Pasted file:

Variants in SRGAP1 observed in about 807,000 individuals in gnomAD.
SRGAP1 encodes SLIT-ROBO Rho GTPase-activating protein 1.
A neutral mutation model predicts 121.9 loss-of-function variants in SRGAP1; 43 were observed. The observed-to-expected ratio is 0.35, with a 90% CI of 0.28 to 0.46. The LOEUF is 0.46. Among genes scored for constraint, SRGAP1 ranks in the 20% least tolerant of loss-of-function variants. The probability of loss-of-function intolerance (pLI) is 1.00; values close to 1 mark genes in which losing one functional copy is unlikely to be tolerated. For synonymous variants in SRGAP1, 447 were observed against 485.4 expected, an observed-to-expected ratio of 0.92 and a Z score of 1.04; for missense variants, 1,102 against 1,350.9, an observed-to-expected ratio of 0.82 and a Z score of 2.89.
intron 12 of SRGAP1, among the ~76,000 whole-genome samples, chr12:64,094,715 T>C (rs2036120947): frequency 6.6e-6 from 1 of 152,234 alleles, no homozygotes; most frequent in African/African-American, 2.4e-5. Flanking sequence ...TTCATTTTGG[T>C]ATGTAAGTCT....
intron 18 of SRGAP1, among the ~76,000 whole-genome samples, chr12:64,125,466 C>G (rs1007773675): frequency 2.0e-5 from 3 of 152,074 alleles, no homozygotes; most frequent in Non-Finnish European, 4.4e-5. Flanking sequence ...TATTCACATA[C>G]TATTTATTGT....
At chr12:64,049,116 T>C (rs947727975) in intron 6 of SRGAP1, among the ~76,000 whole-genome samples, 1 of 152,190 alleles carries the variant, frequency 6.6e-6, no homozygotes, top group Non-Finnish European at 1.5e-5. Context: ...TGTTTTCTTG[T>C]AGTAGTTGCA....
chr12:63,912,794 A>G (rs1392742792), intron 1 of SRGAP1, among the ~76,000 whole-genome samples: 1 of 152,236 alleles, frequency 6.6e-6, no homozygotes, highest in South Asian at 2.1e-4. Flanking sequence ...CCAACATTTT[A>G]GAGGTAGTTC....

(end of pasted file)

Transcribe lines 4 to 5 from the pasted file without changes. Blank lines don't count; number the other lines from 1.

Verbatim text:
intron 12 of SRGAP1, among the ~76,000 whole-genome samples, chr12:64,094,715 T>C (rs2036120947): frequency 6.6e-6 from 1 of 152,234 alleles, no homozygotes; most frequent in African/African-American, 2.4e-5. Flanking sequence ...TTCATTTTGG[T>C]ATGTAAGTCT....
intron 18 of SRGAP1, among the ~76,000 whole-genome samples, chr12:64,125,466 C>G (rs1007773675): frequency 2.0e-5 from 3 of 152,074 alleles, no homozygotes; most frequent in Non-Finnish European, 4.4e-5. Flanking sequence ...TATTCACATA[C>G]TATTTATTGT....